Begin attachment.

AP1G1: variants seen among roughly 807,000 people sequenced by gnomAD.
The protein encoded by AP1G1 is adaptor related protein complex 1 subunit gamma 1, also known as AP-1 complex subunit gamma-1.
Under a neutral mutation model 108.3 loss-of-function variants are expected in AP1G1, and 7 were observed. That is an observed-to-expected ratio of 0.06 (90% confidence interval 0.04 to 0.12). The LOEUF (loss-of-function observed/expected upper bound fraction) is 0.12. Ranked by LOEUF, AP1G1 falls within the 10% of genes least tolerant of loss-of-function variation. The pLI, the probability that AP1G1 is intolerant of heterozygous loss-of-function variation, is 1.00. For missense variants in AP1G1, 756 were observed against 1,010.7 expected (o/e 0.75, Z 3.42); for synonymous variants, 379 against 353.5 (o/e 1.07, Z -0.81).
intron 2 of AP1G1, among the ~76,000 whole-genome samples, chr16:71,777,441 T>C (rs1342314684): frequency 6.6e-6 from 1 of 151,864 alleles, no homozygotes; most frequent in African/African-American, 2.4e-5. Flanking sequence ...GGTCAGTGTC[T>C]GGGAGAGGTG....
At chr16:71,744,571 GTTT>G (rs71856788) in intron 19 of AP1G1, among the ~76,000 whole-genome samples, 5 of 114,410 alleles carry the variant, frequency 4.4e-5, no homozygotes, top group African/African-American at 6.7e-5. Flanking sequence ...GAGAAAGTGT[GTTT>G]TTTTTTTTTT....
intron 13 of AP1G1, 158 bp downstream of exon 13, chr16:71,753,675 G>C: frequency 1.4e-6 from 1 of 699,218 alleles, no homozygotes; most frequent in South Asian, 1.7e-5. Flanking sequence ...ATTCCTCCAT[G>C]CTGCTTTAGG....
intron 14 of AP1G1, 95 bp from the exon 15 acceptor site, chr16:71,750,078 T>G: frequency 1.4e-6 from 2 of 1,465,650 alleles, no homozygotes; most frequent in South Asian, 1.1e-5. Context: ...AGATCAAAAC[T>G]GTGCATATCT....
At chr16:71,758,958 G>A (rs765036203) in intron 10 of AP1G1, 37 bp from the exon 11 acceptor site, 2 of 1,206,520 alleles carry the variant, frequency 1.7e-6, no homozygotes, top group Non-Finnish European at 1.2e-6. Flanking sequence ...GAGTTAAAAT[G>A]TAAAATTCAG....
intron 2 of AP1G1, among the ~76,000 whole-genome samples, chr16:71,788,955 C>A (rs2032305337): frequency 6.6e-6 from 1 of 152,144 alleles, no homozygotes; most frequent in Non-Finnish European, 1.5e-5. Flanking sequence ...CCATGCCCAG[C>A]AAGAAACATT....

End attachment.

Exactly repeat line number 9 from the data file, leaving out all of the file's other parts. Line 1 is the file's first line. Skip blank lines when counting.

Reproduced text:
intron 2 of AP1G1, among the ~76,000 whole-genome samples, chr16:71,788,955 C>A (rs2032305337): frequency 6.6e-6 from 1 of 152,144 alleles, no homozygotes; most frequent in Non-Finnish European, 1.5e-5. Flanking sequence ...CCATGCCCAG[C>A]AAGAAACATT....